The museum does an excellent job of assisting visitors in experiencing some of the emotions and gaining an understanding of the settings that someone fleeing slavery would encounter.
Step inside a house with concealed hiding spots that served as a safe refuge for slaves traveling along the Underground Railroad in one of the displays.
6. The short films at the museum will challenge to see things through the eyes of a slave
Oprah Winfrey narrates a short video on the Underground Railroad called “Brothers of the Brotherland,” which is set in Ripley, Ohio, and which encouraged me to visit the town. As soon as I finished seeing the film, I began planning a trip to Ripley, Ohio, in order to see the sites for myself and discover more about the characters Rev. Rankin and John Parker’s backstories.
7. You need to be reminded that there are still injustices going on in the world today
Once you become aware of the inequalities, you will no longer be able to turn a blind eye to them. Unfortunately, the struggle to eradicate slavery from the face of the earth has not been completed. The number of people who are forced into slavery for sex or work continues to rise to more than 27 million, with many of the victims being youngsters. That indicates that there are more slaves on the earth today than there have ever been. This statistic, taken from the museum’s website, is quite astounding!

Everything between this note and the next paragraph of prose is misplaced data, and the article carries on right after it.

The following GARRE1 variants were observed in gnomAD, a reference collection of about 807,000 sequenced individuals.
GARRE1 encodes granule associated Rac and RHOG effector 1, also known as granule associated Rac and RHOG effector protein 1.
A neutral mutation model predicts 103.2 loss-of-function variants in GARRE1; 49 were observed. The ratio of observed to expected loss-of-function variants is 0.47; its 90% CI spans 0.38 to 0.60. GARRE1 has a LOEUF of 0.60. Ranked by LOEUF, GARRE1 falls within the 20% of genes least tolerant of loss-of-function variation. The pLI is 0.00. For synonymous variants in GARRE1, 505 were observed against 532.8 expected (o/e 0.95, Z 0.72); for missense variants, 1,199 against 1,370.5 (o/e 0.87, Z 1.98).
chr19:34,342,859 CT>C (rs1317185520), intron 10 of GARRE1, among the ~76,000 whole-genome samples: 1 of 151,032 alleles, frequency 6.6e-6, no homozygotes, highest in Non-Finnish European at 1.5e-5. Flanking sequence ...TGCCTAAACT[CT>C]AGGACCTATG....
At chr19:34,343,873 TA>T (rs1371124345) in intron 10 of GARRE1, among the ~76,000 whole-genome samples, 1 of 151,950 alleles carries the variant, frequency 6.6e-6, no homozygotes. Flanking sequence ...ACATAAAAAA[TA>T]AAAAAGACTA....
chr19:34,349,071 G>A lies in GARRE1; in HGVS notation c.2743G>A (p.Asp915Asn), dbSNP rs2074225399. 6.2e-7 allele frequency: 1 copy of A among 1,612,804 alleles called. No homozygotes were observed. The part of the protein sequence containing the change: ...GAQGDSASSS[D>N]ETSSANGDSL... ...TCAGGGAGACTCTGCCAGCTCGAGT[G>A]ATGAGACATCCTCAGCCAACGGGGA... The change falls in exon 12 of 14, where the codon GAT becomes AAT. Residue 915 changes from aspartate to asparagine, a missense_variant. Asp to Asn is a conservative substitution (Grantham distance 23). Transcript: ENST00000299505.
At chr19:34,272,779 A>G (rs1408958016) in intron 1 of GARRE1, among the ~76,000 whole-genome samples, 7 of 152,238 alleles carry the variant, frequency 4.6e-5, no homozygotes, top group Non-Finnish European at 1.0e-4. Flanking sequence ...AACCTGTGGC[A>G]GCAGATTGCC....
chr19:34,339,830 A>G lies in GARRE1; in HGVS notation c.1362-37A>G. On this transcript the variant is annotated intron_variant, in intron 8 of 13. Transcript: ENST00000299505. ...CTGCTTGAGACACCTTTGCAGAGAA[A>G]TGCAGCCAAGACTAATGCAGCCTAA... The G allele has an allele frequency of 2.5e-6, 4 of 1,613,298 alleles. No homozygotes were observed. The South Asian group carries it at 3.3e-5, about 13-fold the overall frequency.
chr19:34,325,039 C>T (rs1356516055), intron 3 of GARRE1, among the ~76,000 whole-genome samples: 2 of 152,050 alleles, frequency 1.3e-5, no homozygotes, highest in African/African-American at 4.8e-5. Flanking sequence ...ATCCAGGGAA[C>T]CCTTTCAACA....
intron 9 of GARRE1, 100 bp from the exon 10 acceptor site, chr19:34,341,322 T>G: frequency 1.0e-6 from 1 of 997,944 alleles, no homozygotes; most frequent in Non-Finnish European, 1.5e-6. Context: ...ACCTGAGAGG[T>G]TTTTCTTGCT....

It cost $35,000 to buy a slave in 1850, which is equivalent to $35,000 now.
8. You will be challenged to live differently when you learn what you can do to help
You will discover how your actions may assist others in achieving their goals and achieving freedom. Once you’ve gained this understanding, you won’t want to go back to your previous way of life.
9. The location of the museum is conveniently located close to other attractions and the Riverfront
You can park once and go to a variety of restaurants, parks, and other activities that are within walking distance. The museum is also within walking distance of the streetcar station. While you are at the museum, make sure to take a walk out onto the terrace with the eternal flame for another fantastic view of the city.
10 The National Underground Railroad Freedom Center is FREE on Martin Luther King Jr Day